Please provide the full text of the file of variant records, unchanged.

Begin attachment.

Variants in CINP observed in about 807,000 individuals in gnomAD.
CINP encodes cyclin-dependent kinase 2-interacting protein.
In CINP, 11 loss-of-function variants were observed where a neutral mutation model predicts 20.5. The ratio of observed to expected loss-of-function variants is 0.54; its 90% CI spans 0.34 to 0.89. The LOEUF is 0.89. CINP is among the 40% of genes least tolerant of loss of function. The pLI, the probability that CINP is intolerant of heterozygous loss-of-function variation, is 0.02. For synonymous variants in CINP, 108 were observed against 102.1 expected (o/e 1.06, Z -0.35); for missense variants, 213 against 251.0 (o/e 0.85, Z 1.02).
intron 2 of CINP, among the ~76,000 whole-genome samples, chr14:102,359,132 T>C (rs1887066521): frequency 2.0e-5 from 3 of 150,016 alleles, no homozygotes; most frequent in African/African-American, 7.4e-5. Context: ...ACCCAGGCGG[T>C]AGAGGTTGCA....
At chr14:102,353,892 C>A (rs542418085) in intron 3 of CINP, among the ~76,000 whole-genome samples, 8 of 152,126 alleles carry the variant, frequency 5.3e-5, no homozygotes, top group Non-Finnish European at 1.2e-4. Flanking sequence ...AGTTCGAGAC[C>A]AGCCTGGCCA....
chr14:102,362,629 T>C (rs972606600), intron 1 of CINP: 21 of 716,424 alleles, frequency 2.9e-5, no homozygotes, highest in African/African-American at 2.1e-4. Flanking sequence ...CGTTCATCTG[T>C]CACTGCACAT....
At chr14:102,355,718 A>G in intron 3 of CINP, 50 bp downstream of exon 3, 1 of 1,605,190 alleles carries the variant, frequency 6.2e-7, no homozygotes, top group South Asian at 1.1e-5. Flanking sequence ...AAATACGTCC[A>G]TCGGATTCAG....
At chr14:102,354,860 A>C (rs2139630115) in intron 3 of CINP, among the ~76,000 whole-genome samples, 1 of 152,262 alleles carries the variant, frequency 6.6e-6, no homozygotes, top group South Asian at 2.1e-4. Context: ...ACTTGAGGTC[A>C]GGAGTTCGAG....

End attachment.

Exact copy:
Variants in CINP observed in about 807,000 individuals in gnomAD.
CINP encodes cyclin-dependent kinase 2-interacting protein.
In CINP, 11 loss-of-function variants were observed where a neutral mutation model predicts 20.5. The ratio of observed to expected loss-of-function variants is 0.54; its 90% CI spans 0.34 to 0.89. The LOEUF is 0.89. CINP is among the 40% of genes least tolerant of loss of function. The pLI, the probability that CINP is intolerant of heterozygous loss-of-function variation, is 0.02. For synonymous variants in CINP, 108 were observed against 102.1 expected (o/e 1.06, Z -0.35); for missense variants, 213 against 251.0 (o/e 0.85, Z 1.02).
intron 2 of CINP, among the ~76,000 whole-genome samples, chr14:102,359,132 T>C (rs1887066521): frequency 2.0e-5 from 3 of 150,016 alleles, no homozygotes; most frequent in African/African-American, 7.4e-5. Context: ...ACCCAGGCGG[T>C]AGAGGTTGCA....
At chr14:102,353,892 C>A (rs542418085) in intron 3 of CINP, among the ~76,000 whole-genome samples, 8 of 152,126 alleles carry the variant, frequency 5.3e-5, no homozygotes, top group Non-Finnish European at 1.2e-4. Flanking sequence ...AGTTCGAGAC[C>A]AGCCTGGCCA....
chr14:102,362,629 T>C (rs972606600), intron 1 of CINP: 21 of 716,424 alleles, frequency 2.9e-5, no homozygotes, highest in African/African-American at 2.1e-4. Flanking sequence ...CGTTCATCTG[T>C]CACTGCACAT....
At chr14:102,355,718 A>G in intron 3 of CINP, 50 bp downstream of exon 3, 1 of 1,605,190 alleles carries the variant, frequency 6.2e-7, no homozygotes, top group South Asian at 1.1e-5. Flanking sequence ...AAATACGTCC[A>G]TCGGATTCAG....
At chr14:102,354,860 A>C (rs2139630115) in intron 3 of CINP, among the ~76,000 whole-genome samples, 1 of 152,262 alleles carries the variant, frequency 6.6e-6, no homozygotes, top group South Asian at 2.1e-4. Context: ...ACTTGAGGTC[A>C]GGAGTTCGAG....